Debit Cards vs. Credit Cards for Business: What You Need to Know

American consumers spend tens of billions of dollars every year using credit and debit cards alone. From swiping a card for a daily cup of coffee to booking a costly vacation, your customers count on debit and credit to fuel their lifestyles. If you’re thinking about accepting cards for payment and are wondering about the advantages for your business, here’s what you need to know.

How Debit and Credit Card Transactions Work

You already know that debit transactions take cash from available funds in a checking or savings account, while credit transactions are a loan against available credit. You also know that debit and credit cards look almost exactly the same. In many cases, a debit card with a certain logo (Mastercard, for example) can be used wherever that logo is accepted.iStock_000040252876Small

When your customer swipes his debit card at your payment terminal, the magnetic strip sends his unique account data to a card-processing network. The network verifies electronically with the bank that the card hasn’t been stolen and that there is enough money in the customer’s account to approve the purchase. The bank approves or denies the purchase through the processing network and alerts your business. At the end of the day, the network coordinates payment settlement from your customers’ banks, and transmits those funds into your account.

Credit works almost exactly the same, with two important differences. The first is that debit customers frequently enter a PIN, while credit customers sometimes enter a zip code. Most importantly, in a credit transaction, the money your business receives represents funds loaned to your customer against his available credit.

What You Need to Know About Accepting Credit and Debit Cards

Every time your customer swipes a card at your payment terminal — or virtually on your website or through a mobile payment app — your business pays a fee to the processor and to the bank. These fees vary based on multiple factors, which includes whether or not the transaction took place in a brick-and-mortar store or online. Online transactions, where the card is not presented to you or your staff, are more expensive.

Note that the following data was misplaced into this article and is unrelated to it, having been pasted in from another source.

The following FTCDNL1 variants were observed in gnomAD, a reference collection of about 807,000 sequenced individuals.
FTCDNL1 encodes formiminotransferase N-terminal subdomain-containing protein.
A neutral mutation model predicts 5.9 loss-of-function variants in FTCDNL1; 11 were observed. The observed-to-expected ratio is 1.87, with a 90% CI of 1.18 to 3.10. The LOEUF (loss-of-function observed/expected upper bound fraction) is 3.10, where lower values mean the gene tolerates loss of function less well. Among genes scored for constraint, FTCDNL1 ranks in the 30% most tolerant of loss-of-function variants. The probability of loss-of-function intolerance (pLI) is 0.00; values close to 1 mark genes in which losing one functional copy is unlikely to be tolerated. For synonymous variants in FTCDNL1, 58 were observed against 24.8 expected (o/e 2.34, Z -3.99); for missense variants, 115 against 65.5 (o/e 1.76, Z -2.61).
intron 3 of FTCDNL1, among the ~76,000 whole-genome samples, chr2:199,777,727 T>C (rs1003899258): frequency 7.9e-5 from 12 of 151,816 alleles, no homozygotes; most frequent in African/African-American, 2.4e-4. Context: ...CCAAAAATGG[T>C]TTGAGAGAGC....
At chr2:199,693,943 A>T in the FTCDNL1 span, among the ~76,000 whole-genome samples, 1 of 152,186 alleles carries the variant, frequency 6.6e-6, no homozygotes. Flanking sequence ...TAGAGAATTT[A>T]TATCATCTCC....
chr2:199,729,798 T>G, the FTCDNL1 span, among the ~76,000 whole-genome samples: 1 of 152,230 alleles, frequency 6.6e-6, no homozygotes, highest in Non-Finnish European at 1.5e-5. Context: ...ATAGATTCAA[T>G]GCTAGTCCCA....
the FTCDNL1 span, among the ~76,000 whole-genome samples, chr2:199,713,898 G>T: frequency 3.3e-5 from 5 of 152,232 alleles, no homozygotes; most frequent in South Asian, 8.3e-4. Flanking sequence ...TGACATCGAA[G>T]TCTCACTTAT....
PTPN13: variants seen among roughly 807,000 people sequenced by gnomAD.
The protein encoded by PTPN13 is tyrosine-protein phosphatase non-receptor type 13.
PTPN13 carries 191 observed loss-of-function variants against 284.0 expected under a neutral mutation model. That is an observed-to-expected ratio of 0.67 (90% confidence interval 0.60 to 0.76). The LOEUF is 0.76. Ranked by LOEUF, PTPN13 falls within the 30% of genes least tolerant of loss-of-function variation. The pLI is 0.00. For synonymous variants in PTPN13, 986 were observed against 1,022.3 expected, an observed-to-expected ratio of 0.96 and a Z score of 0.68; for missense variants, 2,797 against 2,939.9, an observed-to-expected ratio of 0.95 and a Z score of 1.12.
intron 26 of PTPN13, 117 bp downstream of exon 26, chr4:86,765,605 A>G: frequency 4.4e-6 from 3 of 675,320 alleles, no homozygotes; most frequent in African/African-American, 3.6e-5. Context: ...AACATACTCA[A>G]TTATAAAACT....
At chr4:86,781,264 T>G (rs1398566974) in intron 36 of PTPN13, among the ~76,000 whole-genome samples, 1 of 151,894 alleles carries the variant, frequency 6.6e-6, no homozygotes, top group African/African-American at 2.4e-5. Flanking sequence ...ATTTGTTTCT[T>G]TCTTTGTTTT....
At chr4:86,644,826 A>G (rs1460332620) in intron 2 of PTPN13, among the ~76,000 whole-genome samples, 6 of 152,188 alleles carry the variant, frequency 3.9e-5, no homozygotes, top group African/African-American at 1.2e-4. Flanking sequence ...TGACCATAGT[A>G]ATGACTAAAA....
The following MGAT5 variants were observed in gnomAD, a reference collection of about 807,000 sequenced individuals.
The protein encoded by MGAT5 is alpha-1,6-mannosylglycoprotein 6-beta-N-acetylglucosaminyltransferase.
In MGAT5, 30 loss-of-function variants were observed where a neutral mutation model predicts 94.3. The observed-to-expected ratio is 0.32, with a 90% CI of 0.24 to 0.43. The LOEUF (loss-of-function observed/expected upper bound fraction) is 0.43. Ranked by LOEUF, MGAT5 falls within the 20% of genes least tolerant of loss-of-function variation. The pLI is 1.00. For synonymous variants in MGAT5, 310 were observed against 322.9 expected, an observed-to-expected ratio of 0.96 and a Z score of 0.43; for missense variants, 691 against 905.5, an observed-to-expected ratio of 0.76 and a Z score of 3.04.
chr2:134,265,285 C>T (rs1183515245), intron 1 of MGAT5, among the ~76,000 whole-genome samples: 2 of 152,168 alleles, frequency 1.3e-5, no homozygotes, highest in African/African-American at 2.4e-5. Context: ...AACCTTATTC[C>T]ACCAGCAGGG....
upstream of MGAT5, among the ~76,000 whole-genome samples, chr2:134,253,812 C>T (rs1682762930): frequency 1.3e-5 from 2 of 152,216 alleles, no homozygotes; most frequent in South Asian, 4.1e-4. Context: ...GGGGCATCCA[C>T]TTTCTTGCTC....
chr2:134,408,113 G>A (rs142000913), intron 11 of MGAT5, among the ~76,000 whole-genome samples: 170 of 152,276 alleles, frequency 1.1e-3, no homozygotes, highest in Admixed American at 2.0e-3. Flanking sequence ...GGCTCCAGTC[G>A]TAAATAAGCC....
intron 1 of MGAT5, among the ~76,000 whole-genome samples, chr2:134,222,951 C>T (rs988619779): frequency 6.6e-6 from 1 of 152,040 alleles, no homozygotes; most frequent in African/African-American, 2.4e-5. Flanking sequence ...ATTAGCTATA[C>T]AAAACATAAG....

Processing fees also vary between credit and debit cards. The biggest debit card advantage for business is the lower processing rate. That’s because debit transactions are essentially cash transactions, and the bank assumes almost no risk. In a credit transaction, the bank is loaning funds it might not get back. That’s why it charges more per transaction for credit cards than for debit cards.

You’ll also need to consider the number of transactions you process. More transactions equal more transaction fees, so high volume businesses pay more for processing even if overall revenue is the same. That’s why many businesses insist on cash for low-cost purchases.

Native Merchant Services guarantees the lowest debit and credit card processing rates in the industry. For more information, complete our online form today.

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